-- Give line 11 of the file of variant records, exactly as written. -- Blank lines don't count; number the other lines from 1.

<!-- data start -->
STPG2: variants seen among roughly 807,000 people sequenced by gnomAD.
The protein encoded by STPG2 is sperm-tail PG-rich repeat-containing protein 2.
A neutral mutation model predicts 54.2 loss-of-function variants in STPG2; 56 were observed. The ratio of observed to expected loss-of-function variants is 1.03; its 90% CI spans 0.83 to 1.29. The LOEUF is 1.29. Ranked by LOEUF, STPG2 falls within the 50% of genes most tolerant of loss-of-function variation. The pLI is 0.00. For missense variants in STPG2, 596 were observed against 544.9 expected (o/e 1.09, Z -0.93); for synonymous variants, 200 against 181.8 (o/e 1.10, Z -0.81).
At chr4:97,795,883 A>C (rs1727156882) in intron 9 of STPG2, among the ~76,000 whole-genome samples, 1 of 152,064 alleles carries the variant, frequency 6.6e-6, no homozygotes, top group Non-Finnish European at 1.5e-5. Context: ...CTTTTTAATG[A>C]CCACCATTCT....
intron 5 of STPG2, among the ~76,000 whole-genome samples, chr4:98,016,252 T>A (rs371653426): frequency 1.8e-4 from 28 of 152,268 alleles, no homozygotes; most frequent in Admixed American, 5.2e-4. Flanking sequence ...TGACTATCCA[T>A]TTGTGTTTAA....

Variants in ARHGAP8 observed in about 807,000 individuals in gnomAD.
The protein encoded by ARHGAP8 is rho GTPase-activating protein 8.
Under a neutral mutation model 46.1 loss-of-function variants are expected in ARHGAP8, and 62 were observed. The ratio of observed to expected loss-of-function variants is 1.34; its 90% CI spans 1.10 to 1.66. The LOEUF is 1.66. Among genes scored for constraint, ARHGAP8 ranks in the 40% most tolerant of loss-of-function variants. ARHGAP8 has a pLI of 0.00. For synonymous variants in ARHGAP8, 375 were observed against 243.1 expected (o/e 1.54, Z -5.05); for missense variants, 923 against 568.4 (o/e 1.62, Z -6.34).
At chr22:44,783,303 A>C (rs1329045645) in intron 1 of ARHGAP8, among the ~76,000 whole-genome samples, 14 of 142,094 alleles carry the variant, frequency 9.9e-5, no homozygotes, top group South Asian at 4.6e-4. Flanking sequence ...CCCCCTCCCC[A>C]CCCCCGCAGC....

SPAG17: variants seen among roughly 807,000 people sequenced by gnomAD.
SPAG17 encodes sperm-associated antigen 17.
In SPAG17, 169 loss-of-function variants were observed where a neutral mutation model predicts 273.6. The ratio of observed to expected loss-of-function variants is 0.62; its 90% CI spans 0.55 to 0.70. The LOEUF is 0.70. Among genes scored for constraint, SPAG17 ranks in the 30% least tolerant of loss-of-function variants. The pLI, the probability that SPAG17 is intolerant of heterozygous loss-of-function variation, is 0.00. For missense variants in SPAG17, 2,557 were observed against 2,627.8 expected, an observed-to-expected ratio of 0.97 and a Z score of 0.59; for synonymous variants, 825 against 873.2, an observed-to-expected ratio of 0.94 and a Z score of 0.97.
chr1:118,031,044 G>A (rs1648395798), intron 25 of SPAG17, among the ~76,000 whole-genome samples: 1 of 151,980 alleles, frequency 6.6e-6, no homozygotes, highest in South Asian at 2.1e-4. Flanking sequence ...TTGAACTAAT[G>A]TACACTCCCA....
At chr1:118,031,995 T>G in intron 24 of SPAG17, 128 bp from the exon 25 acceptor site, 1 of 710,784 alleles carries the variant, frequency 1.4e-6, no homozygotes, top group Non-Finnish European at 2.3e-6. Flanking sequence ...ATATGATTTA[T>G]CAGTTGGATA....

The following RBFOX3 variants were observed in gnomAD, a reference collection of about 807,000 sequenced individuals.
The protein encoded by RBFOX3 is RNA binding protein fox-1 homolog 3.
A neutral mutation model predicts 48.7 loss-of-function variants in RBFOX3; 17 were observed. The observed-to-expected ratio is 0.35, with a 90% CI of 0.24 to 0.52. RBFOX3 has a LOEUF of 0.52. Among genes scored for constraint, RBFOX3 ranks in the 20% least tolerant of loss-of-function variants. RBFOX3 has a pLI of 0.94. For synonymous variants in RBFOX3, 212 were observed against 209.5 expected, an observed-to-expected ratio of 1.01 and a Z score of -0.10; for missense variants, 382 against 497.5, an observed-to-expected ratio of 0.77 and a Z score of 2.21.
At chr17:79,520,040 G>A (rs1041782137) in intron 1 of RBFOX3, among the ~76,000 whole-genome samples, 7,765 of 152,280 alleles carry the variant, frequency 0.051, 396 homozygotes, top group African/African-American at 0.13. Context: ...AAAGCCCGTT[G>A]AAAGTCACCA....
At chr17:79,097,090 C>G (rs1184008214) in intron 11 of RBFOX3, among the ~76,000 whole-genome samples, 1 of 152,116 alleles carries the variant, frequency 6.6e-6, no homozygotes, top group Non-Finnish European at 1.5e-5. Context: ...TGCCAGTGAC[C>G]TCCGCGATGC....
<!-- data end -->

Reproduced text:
SPAG17 encodes sperm-associated antigen 17.